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Best-in-Class Animated Movies with Entirely Unique Art Styles

ten movies with incredibly unique art styles
Take a look at our collection of top animated films that have won the audience's hearts with their unique art styles.

Making a movie requires corralling a group of skilled individuals and using sheer force to turn ideas into reality.

There is a chance of samesie when so many studios use similar technologies to produce their movies. This set is an exception to the rule. In fact, we have never seen anything quite like the unique art styles used in these films.

Some time ago, we read an interview of Director Kris Pear. His latest film, “The Willoughbys,” is now available on Netflix, and he talks about it in this interview. Kris put in a lot of time and effort to seamlessly combine the animation style and plot.

All the Willoughby kids, for instance, share hair that looks like the yarn their mom uses to weave. That the family had been tied together was emphasized in this way.

The discussion prompted the question, “What other animated films have used unique art styles to enhance their storytelling approach?”

While we were chatting near the coffee machine, we discovered shared love for a couple of animated films.

Today in this piece, we’ll be shedding light on some of the top animated films that stand out for their incredible and unique art styles.

So, without any further ado, let’s dive in!

1.  Cloudy with a Chance of Meatballs

The action in Cloudy with a Chance of Meatballs is wild and nonstop. Those emotions were intentionally reflected in the design of the characters and environments.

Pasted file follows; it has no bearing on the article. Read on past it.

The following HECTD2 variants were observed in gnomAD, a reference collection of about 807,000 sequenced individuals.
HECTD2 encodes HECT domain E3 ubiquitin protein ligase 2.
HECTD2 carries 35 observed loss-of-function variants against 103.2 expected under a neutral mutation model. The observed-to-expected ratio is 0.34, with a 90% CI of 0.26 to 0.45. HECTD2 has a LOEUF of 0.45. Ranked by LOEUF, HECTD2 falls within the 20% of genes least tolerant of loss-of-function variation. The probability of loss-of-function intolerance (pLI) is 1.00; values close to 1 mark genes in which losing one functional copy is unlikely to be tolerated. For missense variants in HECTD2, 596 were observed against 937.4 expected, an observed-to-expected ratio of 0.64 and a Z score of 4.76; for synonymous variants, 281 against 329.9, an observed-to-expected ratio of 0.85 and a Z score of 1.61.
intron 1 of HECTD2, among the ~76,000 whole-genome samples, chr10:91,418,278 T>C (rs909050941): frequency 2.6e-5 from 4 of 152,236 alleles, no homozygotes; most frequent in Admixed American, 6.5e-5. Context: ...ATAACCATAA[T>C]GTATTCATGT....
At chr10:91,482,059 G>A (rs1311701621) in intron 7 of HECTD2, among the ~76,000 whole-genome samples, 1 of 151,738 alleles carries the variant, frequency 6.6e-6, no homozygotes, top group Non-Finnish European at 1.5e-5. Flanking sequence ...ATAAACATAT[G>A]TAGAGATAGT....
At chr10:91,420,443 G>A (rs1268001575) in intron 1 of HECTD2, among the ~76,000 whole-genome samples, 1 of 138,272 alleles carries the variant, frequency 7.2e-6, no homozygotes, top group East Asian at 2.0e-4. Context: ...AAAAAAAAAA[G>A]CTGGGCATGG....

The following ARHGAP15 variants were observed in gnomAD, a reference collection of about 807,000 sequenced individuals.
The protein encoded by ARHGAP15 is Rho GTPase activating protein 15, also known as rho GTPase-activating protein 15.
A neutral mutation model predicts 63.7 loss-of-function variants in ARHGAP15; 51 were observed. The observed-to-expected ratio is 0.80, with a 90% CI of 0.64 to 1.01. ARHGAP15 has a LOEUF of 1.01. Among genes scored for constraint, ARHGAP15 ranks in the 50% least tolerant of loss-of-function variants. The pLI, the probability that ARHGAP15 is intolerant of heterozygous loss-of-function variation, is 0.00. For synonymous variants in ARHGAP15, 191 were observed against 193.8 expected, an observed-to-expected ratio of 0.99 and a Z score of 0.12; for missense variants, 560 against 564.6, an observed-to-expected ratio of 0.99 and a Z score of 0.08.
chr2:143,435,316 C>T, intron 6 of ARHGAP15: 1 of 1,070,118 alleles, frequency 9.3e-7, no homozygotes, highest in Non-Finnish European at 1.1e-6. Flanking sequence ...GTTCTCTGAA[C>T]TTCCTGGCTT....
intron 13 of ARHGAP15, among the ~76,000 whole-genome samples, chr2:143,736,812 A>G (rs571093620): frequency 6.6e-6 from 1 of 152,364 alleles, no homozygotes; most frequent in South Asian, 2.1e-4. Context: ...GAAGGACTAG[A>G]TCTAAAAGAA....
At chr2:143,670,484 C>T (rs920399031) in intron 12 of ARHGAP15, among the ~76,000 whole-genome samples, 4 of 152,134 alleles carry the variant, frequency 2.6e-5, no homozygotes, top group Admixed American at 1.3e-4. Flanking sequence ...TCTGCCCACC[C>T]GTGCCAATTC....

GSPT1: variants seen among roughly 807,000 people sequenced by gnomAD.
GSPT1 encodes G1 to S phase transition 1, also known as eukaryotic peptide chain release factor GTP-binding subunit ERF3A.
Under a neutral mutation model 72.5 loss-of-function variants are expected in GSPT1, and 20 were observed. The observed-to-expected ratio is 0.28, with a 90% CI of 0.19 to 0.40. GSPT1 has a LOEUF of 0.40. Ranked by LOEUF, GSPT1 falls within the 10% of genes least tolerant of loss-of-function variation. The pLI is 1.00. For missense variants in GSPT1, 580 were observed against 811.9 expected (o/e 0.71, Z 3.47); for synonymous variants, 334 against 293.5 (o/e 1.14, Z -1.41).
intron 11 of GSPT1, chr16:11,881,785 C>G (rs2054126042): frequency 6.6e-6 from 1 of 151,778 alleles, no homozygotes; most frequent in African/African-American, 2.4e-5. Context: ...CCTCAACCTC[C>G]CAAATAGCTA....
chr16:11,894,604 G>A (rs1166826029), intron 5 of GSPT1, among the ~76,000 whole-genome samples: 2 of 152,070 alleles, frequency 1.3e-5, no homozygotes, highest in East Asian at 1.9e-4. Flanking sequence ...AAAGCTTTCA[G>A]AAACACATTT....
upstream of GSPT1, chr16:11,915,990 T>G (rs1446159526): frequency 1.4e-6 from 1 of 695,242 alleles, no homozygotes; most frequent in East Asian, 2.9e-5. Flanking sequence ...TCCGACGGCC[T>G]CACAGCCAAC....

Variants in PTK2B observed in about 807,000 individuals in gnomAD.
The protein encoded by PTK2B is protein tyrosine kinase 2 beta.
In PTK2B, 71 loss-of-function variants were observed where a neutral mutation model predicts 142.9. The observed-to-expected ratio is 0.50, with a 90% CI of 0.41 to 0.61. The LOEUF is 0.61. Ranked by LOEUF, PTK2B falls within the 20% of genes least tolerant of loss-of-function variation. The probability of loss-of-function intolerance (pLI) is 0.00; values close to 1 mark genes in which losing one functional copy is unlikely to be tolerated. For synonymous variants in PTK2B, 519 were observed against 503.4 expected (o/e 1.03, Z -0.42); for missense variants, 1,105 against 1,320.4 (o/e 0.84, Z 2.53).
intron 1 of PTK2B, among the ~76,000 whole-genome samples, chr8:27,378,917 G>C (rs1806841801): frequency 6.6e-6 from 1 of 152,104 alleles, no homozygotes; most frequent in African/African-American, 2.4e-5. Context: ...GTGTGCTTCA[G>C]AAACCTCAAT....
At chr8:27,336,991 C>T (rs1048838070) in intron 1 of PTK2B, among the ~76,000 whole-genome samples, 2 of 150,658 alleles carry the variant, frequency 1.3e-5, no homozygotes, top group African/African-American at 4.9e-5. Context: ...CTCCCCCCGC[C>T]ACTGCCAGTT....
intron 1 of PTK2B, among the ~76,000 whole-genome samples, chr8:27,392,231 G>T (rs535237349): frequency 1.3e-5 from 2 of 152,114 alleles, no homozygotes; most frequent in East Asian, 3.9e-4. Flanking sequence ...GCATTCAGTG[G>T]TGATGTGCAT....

The contrast between the cartoonish characters and the realistically rendered food makes this movie stand out.

The animators utilized vintage commercial stills as inspiration and threw real-life items, such as burgers, out of high-rises to see how they would appear when they landed.

Suppose your manager gives you the order to pick up 50 cheeseburgers from McDonald’s and throw them from the roof during the afternoon break.

The tale is never slowed down, which is even more of a feat, thanks to the visual style’s quirky nature. The characters in this film and its sequel are given room to develop and experience significant emotional journeys.

2.  ParaNorman

The success of Laika Studios’ stop-motion animated feature ParaNorman is evidence of the medium’s potential when combined with modern technologies.

In order to speed up a procedure that would have otherwise taken a lot of time and effort, the filmmakers turned to 3D printing. This enabled the development of puppets for stop-motion sequences with an almost infinite variety of articulations and expressions.

During filming, more than 8,000 different faces were printed for use on the Norman puppet. Effects like crowds or the dismantling of rigging were added after the scenes were assembled.